By Richard I. Gibson
Robert Logan traveled the world, spent most of his life in Butte, and started out a slave.
He never knew his parents. At age one, in 1859, he was sold into slavery in Lexington, Kentucky for $150. His master, Edward W. Powell, raised race horses, and Robert rode as a jockey as well as performing other duties for Powell and other horsemen. When Logan was 17 he fled Kentucky and for the next dozen years survived one way or another. In 1890, he arrived in Butte. According to the 1890 census, there were 1,490 African-Americans living in Montana then.
Logan took one of the only semi-professional jobs available to a Black man in 1890, as a porter on the Butte-to-Salt Lake run of the Union Pacific Railroad. During layovers in Salt Lake City, he took voice lessons from Evan Stevens, the Director of the Mormon Tabernacle Choir, and other voice instructors in Salt Lake City. They helped him make his deep voice into a world-renowned instrument.
Logan sang in 1896 before 30,000 people at the Welsh International Eisteddfod musical competition in Denver and was the only non-white finalist. The winner “was a foregone conclusion,” a Welshman, but Robert Logan came in second. This launched his career as a singer.
In 1899 he joined a Black minstrel group, the Georgia Minstrels, that performed in 40 states, 10 Canadian provinces, Hawaii, Australia, and New Zealand. His deep bass voice became famous. “His range covers more than two full octaves with his lower notes resembling the distant vibration of thunder,” according to a New South Wales newspaper review in 1899. And in Hawaii, he reportedly portrayed Simon Legree in Uncle Tom's Cabin so well that the "audience was ready to do him bodily harm."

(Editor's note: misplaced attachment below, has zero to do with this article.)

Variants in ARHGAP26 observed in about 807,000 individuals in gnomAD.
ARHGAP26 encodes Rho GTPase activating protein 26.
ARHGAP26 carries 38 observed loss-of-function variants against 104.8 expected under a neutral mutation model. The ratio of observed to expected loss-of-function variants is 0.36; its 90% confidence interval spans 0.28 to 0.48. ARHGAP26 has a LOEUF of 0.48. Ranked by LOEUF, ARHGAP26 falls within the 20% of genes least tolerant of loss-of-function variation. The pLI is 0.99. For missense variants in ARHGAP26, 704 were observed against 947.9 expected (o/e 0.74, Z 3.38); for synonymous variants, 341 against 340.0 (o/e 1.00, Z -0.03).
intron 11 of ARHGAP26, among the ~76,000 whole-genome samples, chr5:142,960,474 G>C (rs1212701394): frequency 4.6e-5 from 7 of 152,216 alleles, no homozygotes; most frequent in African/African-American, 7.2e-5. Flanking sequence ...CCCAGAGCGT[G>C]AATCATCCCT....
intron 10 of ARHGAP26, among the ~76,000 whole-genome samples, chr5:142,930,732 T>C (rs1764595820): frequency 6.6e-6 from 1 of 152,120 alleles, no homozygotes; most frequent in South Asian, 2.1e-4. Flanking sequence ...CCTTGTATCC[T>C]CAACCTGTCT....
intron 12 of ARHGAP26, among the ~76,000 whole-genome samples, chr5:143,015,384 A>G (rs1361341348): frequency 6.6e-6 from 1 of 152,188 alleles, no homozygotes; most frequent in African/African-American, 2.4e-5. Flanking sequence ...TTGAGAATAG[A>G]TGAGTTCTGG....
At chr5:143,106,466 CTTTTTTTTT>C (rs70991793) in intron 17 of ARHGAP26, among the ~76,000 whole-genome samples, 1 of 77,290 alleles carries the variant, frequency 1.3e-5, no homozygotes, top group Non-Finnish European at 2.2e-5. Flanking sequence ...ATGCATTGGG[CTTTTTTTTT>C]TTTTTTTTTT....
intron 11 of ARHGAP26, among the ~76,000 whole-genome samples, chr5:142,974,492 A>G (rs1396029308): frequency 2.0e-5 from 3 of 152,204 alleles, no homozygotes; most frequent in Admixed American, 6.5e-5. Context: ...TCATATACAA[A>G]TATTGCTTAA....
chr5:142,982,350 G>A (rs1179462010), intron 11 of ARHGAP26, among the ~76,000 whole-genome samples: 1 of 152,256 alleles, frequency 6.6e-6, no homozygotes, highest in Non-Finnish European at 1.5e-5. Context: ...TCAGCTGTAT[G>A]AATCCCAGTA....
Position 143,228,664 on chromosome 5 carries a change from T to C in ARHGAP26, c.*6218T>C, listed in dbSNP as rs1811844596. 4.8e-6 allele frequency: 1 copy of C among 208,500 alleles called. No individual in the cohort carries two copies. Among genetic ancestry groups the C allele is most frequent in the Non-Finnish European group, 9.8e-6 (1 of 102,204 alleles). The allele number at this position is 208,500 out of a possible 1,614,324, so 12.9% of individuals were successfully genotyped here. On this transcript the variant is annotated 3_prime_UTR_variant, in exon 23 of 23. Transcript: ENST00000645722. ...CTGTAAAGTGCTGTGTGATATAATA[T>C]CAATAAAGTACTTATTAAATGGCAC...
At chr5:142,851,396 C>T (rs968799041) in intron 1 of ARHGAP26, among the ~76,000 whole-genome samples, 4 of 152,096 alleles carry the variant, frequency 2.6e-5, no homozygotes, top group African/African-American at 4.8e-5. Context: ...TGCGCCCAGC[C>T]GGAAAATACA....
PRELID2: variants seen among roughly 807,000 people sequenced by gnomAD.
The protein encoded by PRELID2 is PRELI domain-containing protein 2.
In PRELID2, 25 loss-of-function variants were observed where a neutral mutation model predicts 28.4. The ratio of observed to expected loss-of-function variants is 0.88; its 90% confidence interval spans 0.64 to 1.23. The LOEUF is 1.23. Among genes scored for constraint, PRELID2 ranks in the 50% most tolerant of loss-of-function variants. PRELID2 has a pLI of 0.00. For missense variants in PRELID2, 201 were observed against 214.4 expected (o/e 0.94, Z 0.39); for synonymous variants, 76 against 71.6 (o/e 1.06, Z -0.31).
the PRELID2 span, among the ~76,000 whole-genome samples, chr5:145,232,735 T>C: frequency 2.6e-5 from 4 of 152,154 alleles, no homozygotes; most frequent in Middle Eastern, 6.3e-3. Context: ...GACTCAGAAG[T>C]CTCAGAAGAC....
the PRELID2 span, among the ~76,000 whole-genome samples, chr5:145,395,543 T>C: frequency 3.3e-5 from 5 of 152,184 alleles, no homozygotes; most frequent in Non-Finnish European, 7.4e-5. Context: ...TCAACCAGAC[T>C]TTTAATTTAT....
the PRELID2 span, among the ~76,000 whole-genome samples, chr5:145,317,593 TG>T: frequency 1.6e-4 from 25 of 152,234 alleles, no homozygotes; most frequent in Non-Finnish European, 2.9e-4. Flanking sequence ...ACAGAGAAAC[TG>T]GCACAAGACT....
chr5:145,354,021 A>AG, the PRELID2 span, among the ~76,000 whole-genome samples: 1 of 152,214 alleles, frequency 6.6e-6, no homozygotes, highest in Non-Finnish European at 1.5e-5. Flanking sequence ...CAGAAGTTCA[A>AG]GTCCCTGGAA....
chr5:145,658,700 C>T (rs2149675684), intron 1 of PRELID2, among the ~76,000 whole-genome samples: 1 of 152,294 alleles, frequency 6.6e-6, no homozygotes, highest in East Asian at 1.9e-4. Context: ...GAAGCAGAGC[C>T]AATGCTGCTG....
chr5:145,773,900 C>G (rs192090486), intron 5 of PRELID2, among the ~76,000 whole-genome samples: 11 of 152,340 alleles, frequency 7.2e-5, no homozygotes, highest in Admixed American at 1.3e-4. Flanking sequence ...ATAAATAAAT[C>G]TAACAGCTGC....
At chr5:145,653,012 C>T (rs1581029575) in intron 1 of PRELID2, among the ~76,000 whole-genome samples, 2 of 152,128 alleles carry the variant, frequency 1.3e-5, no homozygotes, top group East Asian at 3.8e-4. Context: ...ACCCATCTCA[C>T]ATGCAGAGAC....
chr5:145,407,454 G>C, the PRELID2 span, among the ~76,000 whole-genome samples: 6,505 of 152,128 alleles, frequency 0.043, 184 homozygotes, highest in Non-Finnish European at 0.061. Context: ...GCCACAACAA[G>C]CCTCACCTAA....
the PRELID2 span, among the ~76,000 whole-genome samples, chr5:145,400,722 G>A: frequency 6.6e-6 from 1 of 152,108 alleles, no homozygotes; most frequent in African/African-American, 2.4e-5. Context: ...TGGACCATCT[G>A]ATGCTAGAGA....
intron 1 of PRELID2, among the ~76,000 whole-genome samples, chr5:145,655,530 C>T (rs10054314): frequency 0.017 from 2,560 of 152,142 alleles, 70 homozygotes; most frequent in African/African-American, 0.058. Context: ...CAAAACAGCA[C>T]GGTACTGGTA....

The troupe included Butte on its itinerary, and when in Butte they often performed at parties hosted by William Andrews Clark, Jr., presumably at Will’s home on Galena Street. W.A. Clark., Jr. was the founder of the Los Angeles Philharmonic Orchestra in 1919.
Logan tired of the traveling performer’s life and returned to Butte permanently in 1905. He took a job as janitor for the Miner’s Savings Bank and Trust on West Park Street when they opened their doors in 1907, and held the job until he retired in 1935. He continued to sing with the Bethel Baptist Church choir – he and his wife Elizabeth lived at 112 S. Idaho Street, just two doors north of the African-American Bethel Baptist Church at the corner of Idaho and Mercury. Robert and Elizabeth organized the choir, and Elizabeth was the accompanist until her death in 1935. The sites of the church and the Logan home are occupied by the Fire Station today.
He continued to sing for special events, including the 1921 funeral of General Charles S. Warren at Mountain View Methodist Church. Warren was the first Chief of Police in Butte, a co-founder of the Inter Mountain Publishing Company, and a charter member and first president of the Silver Bow Club. Warren Island, in Lake Pend Oreille, is named for him. Warren lived at 211 S. Washington, so was a near neighbor to Robert and Elizabeth Logan.
Even at age 83 Logan was a soloist and singer with the Butte Male Chorus. He died in 1945, remembered as one of the greatest bass singers of his day. Robert and Elizabeth Logan are buried in Butte's Mt. Moriah Cemetery.
Resources: primary biography – Montana Standard, March 1, 1942; Montana Standard, March 3, 1945; The Crisis, W.E.B. duBois, ed., 1921; Montana, Its Story and Biography, edited by Tom Stout, American Historical Society, 1921. Thanks to Cheryl Ackerman for finding the 1942 news article.